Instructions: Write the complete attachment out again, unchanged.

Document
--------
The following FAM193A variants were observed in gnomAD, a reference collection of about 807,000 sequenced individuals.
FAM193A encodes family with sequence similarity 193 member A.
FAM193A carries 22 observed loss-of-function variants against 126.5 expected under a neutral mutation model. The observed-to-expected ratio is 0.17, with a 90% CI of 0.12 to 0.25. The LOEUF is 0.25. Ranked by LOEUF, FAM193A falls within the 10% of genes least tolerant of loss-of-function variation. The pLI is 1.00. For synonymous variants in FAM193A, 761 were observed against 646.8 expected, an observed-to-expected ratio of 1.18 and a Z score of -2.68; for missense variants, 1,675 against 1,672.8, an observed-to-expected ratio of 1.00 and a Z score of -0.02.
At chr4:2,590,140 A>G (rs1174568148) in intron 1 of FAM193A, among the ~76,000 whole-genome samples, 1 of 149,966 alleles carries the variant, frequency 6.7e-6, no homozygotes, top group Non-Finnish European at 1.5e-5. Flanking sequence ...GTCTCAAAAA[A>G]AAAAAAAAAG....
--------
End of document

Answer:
The following FAM193A variants were observed in gnomAD, a reference collection of about 807,000 sequenced individuals.
FAM193A encodes family with sequence similarity 193 member A.
FAM193A carries 22 observed loss-of-function variants against 126.5 expected under a neutral mutation model. The observed-to-expected ratio is 0.17, with a 90% CI of 0.12 to 0.25. The LOEUF is 0.25. Ranked by LOEUF, FAM193A falls within the 10% of genes least tolerant of loss-of-function variation. The pLI is 1.00. For synonymous variants in FAM193A, 761 were observed against 646.8 expected, an observed-to-expected ratio of 1.18 and a Z score of -2.68; for missense variants, 1,675 against 1,672.8, an observed-to-expected ratio of 1.00 and a Z score of -0.02.
At chr4:2,590,140 A>G (rs1174568148) in intron 1 of FAM193A, among the ~76,000 whole-genome samples, 1 of 149,966 alleles carries the variant, frequency 6.7e-6, no homozygotes, top group Non-Finnish European at 1.5e-5. Flanking sequence ...GTCTCAAAAA[A>G]AAAAAAAAAG....